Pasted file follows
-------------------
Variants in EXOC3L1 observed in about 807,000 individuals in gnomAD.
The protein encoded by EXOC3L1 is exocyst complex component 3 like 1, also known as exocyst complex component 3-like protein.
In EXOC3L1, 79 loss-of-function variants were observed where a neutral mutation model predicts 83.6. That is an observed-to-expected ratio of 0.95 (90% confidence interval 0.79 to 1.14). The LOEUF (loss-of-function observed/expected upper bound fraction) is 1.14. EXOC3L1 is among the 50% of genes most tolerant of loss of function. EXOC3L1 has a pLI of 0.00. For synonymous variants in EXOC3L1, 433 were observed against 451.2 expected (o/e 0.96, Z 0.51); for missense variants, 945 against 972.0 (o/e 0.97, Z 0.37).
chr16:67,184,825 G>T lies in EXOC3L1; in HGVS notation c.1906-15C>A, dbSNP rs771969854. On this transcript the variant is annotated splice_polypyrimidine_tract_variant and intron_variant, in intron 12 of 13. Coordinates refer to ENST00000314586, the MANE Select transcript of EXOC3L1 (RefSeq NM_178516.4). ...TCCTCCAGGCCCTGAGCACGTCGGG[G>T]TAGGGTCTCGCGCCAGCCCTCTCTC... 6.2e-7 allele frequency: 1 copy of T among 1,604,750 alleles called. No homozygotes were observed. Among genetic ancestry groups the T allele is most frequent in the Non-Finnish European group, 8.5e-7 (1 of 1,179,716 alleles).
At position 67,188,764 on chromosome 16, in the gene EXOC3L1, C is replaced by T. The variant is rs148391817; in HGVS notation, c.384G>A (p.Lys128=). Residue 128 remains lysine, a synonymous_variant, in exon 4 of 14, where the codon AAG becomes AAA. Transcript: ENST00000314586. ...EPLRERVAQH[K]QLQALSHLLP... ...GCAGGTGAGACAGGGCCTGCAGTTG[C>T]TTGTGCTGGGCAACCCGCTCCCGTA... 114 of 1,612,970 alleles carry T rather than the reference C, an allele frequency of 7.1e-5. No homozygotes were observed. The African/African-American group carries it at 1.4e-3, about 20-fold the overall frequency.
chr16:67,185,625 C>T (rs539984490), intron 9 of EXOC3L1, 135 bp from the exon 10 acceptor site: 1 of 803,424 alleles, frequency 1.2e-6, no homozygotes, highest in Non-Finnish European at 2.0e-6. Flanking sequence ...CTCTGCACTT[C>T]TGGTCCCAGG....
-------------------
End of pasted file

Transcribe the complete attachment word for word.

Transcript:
Variants in EXOC3L1 observed in about 807,000 individuals in gnomAD.
The protein encoded by EXOC3L1 is exocyst complex component 3 like 1, also known as exocyst complex component 3-like protein.
In EXOC3L1, 79 loss-of-function variants were observed where a neutral mutation model predicts 83.6. That is an observed-to-expected ratio of 0.95 (90% confidence interval 0.79 to 1.14). The LOEUF (loss-of-function observed/expected upper bound fraction) is 1.14. EXOC3L1 is among the 50% of genes most tolerant of loss of function. EXOC3L1 has a pLI of 0.00. For synonymous variants in EXOC3L1, 433 were observed against 451.2 expected (o/e 0.96, Z 0.51); for missense variants, 945 against 972.0 (o/e 0.97, Z 0.37).
chr16:67,184,825 G>T lies in EXOC3L1; in HGVS notation c.1906-15C>A, dbSNP rs771969854. On this transcript the variant is annotated splice_polypyrimidine_tract_variant and intron_variant, in intron 12 of 13. Coordinates refer to ENST00000314586, the MANE Select transcript of EXOC3L1 (RefSeq NM_178516.4). ...TCCTCCAGGCCCTGAGCACGTCGGG[G>T]TAGGGTCTCGCGCCAGCCCTCTCTC... 6.2e-7 allele frequency: 1 copy of T among 1,604,750 alleles called. No homozygotes were observed. Among genetic ancestry groups the T allele is most frequent in the Non-Finnish European group, 8.5e-7 (1 of 1,179,716 alleles).
At position 67,188,764 on chromosome 16, in the gene EXOC3L1, C is replaced by T. The variant is rs148391817; in HGVS notation, c.384G>A (p.Lys128=). Residue 128 remains lysine, a synonymous_variant, in exon 4 of 14, where the codon AAG becomes AAA. Transcript: ENST00000314586. ...EPLRERVAQH[K]QLQALSHLLP... ...GCAGGTGAGACAGGGCCTGCAGTTG[C>T]TTGTGCTGGGCAACCCGCTCCCGTA... 114 of 1,612,970 alleles carry T rather than the reference C, an allele frequency of 7.1e-5. No homozygotes were observed. The African/African-American group carries it at 1.4e-3, about 20-fold the overall frequency.
chr16:67,185,625 C>T (rs539984490), intron 9 of EXOC3L1, 135 bp from the exon 10 acceptor site: 1 of 803,424 alleles, frequency 1.2e-6, no homozygotes, highest in Non-Finnish European at 2.0e-6. Flanking sequence ...CTCTGCACTT[C>T]TGGTCCCAGG....